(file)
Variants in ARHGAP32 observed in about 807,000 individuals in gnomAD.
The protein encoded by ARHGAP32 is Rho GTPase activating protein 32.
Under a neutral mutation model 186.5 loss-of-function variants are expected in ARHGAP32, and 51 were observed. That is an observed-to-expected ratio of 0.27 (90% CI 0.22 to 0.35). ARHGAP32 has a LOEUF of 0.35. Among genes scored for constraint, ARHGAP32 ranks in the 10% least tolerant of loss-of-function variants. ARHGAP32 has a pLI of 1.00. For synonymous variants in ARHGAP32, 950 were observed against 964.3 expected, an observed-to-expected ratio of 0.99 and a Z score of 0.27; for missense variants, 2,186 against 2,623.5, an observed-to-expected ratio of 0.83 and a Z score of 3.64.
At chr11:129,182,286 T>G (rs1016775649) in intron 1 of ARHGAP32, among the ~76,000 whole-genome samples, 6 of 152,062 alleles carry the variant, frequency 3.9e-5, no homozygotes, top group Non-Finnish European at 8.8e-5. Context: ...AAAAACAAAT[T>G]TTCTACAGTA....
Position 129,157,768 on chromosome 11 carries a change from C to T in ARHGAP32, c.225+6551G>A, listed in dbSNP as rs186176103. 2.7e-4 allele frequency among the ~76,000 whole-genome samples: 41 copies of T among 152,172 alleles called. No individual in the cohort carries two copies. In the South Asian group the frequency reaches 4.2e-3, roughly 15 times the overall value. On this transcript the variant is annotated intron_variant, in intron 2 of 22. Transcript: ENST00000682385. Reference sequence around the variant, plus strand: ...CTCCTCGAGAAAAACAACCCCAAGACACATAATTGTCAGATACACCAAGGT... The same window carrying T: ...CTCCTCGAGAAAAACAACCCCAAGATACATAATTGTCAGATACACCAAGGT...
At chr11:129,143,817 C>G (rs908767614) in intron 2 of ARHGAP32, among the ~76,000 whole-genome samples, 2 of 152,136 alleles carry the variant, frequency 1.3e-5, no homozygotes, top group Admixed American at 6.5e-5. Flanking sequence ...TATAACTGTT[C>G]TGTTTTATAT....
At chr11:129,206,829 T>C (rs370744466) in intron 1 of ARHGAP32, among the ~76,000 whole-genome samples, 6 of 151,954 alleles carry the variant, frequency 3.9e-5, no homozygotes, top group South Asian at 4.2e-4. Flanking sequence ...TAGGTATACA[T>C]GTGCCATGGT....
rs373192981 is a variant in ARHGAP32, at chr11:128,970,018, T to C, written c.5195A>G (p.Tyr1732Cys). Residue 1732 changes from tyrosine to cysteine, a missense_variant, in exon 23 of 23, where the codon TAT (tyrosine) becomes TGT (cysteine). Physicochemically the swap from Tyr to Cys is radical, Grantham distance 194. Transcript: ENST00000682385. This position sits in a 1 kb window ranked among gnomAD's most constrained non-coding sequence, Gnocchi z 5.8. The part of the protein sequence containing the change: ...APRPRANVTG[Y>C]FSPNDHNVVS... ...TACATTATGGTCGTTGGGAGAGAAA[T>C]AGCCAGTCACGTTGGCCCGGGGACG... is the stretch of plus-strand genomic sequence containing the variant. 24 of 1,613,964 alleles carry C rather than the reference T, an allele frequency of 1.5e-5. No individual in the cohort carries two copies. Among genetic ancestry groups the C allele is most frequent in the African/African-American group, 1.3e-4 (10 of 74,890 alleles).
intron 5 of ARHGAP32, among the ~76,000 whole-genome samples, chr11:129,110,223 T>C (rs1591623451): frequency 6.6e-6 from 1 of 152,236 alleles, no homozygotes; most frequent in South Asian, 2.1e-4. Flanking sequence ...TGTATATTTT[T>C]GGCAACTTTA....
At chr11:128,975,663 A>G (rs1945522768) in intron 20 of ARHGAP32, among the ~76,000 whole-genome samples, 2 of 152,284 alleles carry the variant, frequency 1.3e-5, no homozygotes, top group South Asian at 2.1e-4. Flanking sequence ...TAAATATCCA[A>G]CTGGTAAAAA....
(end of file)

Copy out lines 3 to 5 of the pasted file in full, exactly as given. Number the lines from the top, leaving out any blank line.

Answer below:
Under a neutral mutation model 186.5 loss-of-function variants are expected in ARHGAP32, and 51 were observed. That is an observed-to-expected ratio of 0.27 (90% CI 0.22 to 0.35). ARHGAP32 has a LOEUF of 0.35. Among genes scored for constraint, ARHGAP32 ranks in the 10% least tolerant of loss-of-function variants. ARHGAP32 has a pLI of 1.00. For synonymous variants in ARHGAP32, 950 were observed against 964.3 expected, an observed-to-expected ratio of 0.99 and a Z score of 0.27; for missense variants, 2,186 against 2,623.5, an observed-to-expected ratio of 0.83 and a Z score of 3.64.
At chr11:129,182,286 T>G (rs1016775649) in intron 1 of ARHGAP32, among the ~76,000 whole-genome samples, 6 of 152,062 alleles carry the variant, frequency 3.9e-5, no homozygotes, top group Non-Finnish European at 8.8e-5. Context: ...AAAAACAAAT[T>G]TTCTACAGTA....
Position 129,157,768 on chromosome 11 carries a change from C to T in ARHGAP32, c.225+6551G>A, listed in dbSNP as rs186176103. 2.7e-4 allele frequency among the ~76,000 whole-genome samples: 41 copies of T among 152,172 alleles called. No individual in the cohort carries two copies. In the South Asian group the frequency reaches 4.2e-3, roughly 15 times the overall value. On this transcript the variant is annotated intron_variant, in intron 2 of 22. Transcript: ENST00000682385. Reference sequence around the variant, plus strand: ...CTCCTCGAGAAAAACAACCCCAAGACACATAATTGTCAGATACACCAAGGT... The same window carrying T: ...CTCCTCGAGAAAAACAACCCCAAGATACATAATTGTCAGATACACCAAGGT...